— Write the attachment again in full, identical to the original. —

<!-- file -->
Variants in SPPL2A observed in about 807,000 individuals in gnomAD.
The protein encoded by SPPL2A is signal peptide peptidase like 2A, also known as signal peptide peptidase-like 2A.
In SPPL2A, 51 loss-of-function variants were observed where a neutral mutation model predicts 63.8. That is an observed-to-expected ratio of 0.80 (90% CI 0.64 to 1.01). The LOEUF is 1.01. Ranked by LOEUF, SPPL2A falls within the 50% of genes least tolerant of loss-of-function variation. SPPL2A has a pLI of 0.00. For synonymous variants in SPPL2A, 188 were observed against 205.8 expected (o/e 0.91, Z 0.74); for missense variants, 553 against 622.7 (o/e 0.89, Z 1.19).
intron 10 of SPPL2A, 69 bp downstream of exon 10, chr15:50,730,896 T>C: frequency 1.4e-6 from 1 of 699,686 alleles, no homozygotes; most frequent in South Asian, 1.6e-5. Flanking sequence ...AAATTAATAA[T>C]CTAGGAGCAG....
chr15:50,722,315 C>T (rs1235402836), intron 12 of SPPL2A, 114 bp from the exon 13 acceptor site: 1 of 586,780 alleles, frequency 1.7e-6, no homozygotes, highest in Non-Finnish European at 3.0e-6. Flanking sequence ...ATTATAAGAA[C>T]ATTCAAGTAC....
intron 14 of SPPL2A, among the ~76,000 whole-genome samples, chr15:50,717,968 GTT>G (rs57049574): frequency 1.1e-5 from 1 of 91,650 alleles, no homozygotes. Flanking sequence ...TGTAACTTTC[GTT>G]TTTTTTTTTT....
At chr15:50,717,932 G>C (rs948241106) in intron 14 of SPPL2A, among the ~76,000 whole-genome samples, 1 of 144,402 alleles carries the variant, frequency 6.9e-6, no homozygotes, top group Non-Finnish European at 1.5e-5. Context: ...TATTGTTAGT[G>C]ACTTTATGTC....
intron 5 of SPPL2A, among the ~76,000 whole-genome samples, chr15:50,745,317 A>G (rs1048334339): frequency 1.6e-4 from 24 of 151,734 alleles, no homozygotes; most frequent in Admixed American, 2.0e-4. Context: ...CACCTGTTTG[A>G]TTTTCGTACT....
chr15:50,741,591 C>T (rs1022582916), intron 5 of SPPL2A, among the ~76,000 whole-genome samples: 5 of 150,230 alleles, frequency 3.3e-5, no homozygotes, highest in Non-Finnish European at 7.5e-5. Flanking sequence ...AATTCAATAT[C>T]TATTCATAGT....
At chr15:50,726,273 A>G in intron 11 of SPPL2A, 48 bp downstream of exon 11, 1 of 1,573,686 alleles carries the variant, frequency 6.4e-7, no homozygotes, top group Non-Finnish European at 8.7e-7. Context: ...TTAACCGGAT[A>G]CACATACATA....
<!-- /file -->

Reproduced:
Variants in SPPL2A observed in about 807,000 individuals in gnomAD.
The protein encoded by SPPL2A is signal peptide peptidase like 2A, also known as signal peptide peptidase-like 2A.
In SPPL2A, 51 loss-of-function variants were observed where a neutral mutation model predicts 63.8. That is an observed-to-expected ratio of 0.80 (90% CI 0.64 to 1.01). The LOEUF is 1.01. Ranked by LOEUF, SPPL2A falls within the 50% of genes least tolerant of loss-of-function variation. SPPL2A has a pLI of 0.00. For synonymous variants in SPPL2A, 188 were observed against 205.8 expected (o/e 0.91, Z 0.74); for missense variants, 553 against 622.7 (o/e 0.89, Z 1.19).
intron 10 of SPPL2A, 69 bp downstream of exon 10, chr15:50,730,896 T>C: frequency 1.4e-6 from 1 of 699,686 alleles, no homozygotes; most frequent in South Asian, 1.6e-5. Flanking sequence ...AAATTAATAA[T>C]CTAGGAGCAG....
chr15:50,722,315 C>T (rs1235402836), intron 12 of SPPL2A, 114 bp from the exon 13 acceptor site: 1 of 586,780 alleles, frequency 1.7e-6, no homozygotes, highest in Non-Finnish European at 3.0e-6. Flanking sequence ...ATTATAAGAA[C>T]ATTCAAGTAC....
intron 14 of SPPL2A, among the ~76,000 whole-genome samples, chr15:50,717,968 GTT>G (rs57049574): frequency 1.1e-5 from 1 of 91,650 alleles, no homozygotes. Flanking sequence ...TGTAACTTTC[GTT>G]TTTTTTTTTT....
At chr15:50,717,932 G>C (rs948241106) in intron 14 of SPPL2A, among the ~76,000 whole-genome samples, 1 of 144,402 alleles carries the variant, frequency 6.9e-6, no homozygotes, top group Non-Finnish European at 1.5e-5. Context: ...TATTGTTAGT[G>C]ACTTTATGTC....
intron 5 of SPPL2A, among the ~76,000 whole-genome samples, chr15:50,745,317 A>G (rs1048334339): frequency 1.6e-4 from 24 of 151,734 alleles, no homozygotes; most frequent in Admixed American, 2.0e-4. Context: ...CACCTGTTTG[A>G]TTTTCGTACT....
chr15:50,741,591 C>T (rs1022582916), intron 5 of SPPL2A, among the ~76,000 whole-genome samples: 5 of 150,230 alleles, frequency 3.3e-5, no homozygotes, highest in Non-Finnish European at 7.5e-5. Flanking sequence ...AATTCAATAT[C>T]TATTCATAGT....
At chr15:50,726,273 A>G in intron 11 of SPPL2A, 48 bp downstream of exon 11, 1 of 1,573,686 alleles carries the variant, frequency 6.4e-7, no homozygotes, top group Non-Finnish European at 8.7e-7. Context: ...TTAACCGGAT[A>G]CACATACATA....